Macron buses highlight new French president's mixed legacy
- Author: Adam Floyd May 11, 2017,
May 11, 2017, 23:08
"The essential thing today is to give a broad and coherent majority.to Emmanuel Macron to allow him to govern", he said.
Mr. Macron, though the victor of the presidential election on Sunday, could be facing an uphill battle next month as many doubt his new party, Le Republique En Marche!, will be able to form a majority in the National Assembly. "But support doesn't necessarily translate in nomination".
The presidential election left France's traditional parties on the sidelines, with the conservative Republicans and ruling Socialists eliminated in the first round, and Macron facing far-right leader Marine Le Pen in last week's run off.
Valls said Macron's victory Sunday over far-right leader Marine Le Pen it was a blow to populism across Europe that gave a "terrific" image of France to countries overseas. "(Vall's) voice is not insignificant, but his candidacy will be treated like anyone else's".
Valls, who resigned as prime minister in December after he failed to be win the Socialist nomination for president, backed Macron in the race in March and has now promised to abandon the socialists and sign up to centrist La République En Marche. Macron's En Marche party now has no seats in parliament, though an opinion poll last week predicted it would emerge as the largest in the parliamentary elections next month.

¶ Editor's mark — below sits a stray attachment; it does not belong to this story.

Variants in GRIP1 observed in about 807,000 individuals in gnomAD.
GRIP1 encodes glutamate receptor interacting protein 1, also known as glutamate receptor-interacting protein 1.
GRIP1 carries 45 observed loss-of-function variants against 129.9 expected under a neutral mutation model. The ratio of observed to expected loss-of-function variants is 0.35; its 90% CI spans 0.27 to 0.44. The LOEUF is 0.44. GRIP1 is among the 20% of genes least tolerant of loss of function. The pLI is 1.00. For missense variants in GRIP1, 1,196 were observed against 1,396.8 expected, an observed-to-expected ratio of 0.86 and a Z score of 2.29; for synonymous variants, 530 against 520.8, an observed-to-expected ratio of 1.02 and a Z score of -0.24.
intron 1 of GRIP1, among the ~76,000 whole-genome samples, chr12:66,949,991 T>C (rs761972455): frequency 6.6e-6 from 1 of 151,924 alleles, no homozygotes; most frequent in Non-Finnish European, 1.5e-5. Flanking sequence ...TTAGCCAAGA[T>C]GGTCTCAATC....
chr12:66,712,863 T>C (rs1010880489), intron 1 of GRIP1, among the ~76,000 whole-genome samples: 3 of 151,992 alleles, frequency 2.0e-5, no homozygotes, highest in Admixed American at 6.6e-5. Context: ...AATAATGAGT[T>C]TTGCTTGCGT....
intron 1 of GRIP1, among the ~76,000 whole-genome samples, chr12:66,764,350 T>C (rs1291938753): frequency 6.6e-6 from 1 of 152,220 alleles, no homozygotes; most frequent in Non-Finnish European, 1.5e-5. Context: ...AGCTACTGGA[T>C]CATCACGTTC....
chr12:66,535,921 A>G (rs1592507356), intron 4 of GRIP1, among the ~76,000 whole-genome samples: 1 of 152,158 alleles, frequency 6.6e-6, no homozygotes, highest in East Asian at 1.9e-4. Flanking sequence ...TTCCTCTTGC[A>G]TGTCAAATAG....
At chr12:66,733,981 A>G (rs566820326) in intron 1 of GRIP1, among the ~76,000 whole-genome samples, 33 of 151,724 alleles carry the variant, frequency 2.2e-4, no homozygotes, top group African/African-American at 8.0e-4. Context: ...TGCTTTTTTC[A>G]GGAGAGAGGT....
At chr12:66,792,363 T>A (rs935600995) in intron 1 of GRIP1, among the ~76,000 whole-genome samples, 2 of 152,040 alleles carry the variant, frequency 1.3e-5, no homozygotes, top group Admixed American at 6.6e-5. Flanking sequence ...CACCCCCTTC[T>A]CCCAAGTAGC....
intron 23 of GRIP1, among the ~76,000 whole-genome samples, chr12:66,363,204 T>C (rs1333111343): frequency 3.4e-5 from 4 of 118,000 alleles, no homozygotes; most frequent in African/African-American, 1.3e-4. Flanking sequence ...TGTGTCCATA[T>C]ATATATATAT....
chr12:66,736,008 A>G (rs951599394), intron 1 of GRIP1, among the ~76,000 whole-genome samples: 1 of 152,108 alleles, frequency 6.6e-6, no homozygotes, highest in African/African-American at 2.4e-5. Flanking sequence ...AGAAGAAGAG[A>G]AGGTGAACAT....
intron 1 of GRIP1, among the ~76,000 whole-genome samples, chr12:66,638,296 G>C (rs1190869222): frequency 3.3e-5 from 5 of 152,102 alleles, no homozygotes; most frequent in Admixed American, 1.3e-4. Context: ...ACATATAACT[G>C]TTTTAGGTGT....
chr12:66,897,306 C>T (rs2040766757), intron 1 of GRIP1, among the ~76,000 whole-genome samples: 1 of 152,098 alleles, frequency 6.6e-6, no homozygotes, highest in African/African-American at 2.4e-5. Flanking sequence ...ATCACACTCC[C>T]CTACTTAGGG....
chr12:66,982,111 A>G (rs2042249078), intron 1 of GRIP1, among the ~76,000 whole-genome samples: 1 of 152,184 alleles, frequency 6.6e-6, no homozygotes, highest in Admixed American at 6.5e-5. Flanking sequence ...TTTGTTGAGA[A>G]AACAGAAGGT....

Guillaume Balas, who coordinated Hamon's platform, said Valls "excluded" himself from the party with his allegiance to Macon's movement.More news: Griffin has surgery on right big toe
Several senior members of his Socialist Party have already announced plans to launch new movements, inspired by divisions in the party ranks and perhaps by Macron's success. I want Emmanuel Macron, his government and his majority to succeed, for France.
"I will be a candidate in the presidential majority and I wish to join up to his movement, the Republic on the Move".
I will be a candidate in the presidential majority and I wish to join up to his movement, namely the "Republic on the Move".
The French government cybersecurity agency ANSSI also said on Tuesday that the presidential election commission had asked it to provide technical expertise on the hacking attack.
Whilst the president has the most power in the French system, the prime minister is largely in charge of implementing the president's domestic policies.
If Mr Macron's party performs poorly, he could also be forced to form a coalition, a common occurrence in many European countries but something very unusual in France.